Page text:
Perhaps unable to match the grand scale of purpose announced by the Frederickson crew, the Arnold’s stand donned the moniker “The Fully-Clothed Fireworks Stand” because it was directly opposite the Goth-looking “Nearly Naked” fireworks outpost on the southeast corner of 152nd St.

 The “Fully-Clothed” sell TNT brand fireworks and are operating under the auspices of American Promotional Events, Inc. 

Pastor Rich said that certain fireworks are banned in Pierce County, such as bottle rockets, firecrackers, and large explosive devices like M-80s.

 In addition, Pastor Rich said that selling and igniting fireworks is illegal in Tacoma and other incorporated areas of the county, but is allowed in unincorporated areas, such as South Hill, Graham and Frederickson.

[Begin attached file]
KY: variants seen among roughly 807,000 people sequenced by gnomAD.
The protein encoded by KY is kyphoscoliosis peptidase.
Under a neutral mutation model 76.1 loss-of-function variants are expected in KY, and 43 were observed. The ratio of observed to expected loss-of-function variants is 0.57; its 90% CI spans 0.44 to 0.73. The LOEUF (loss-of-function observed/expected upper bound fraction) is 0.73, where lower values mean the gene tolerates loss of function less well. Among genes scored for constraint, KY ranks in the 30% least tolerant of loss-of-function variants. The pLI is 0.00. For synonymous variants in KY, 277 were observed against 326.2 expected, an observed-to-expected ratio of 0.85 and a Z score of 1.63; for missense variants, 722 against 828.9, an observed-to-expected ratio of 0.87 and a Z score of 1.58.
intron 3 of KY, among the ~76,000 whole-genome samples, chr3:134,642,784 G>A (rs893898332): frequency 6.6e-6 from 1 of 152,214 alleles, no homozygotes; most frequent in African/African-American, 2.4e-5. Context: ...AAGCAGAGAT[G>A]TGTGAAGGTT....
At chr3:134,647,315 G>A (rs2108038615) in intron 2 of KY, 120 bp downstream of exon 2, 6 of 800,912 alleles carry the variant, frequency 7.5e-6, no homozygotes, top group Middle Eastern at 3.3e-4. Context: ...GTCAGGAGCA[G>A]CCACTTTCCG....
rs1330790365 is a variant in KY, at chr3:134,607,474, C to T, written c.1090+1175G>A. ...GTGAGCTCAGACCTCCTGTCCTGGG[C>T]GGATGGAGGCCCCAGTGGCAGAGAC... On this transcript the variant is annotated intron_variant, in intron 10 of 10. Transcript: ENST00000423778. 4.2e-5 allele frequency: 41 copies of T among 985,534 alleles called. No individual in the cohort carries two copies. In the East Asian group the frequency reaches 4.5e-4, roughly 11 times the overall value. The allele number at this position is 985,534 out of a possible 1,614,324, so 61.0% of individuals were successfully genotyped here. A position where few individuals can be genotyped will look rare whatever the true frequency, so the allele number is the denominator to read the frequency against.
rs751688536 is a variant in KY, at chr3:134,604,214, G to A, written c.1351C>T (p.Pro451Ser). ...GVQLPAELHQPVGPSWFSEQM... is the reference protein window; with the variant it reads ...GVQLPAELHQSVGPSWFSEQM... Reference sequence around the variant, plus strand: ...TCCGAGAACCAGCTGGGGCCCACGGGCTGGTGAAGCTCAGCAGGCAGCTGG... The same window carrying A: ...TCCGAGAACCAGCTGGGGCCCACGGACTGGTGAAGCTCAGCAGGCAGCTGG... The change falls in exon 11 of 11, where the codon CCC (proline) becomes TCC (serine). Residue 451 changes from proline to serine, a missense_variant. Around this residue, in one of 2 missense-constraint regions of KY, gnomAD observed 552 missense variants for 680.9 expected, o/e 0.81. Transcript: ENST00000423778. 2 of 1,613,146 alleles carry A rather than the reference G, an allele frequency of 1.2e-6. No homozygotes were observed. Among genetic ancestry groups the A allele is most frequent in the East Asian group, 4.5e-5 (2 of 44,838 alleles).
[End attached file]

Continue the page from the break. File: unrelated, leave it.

In that light, the Arnolds have a whole line of legal fireworks, such as fountains, sparklers and Roman candles.

 “Those are the biggest sellers,” said Renita confidently.

 In addition, the Arnold’s stand is having a fireworks promotion, where they will hold a raffle on Sunday, July 3 at 5 pm and give away a giant combo package of fireworks worth $200.  All customers who buy fireworks at the Arnold’s stand are eligible if they fill out a contest form at the stand at the time of purchase.

Crew 2 at the Arnold's stand is Josiah Arnold, standing, sister Joyce, sitting, and friend Kayla Parish, (l).

 ©  2011  The Mountain News – WA

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Amy Pivetta-Hoffman

Attorney at Law

Personal and Governmental Affairs

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This entry was posted in Business, Culture, Frederickson, Graham News, Orting, South Hill. Bookmark the permalink.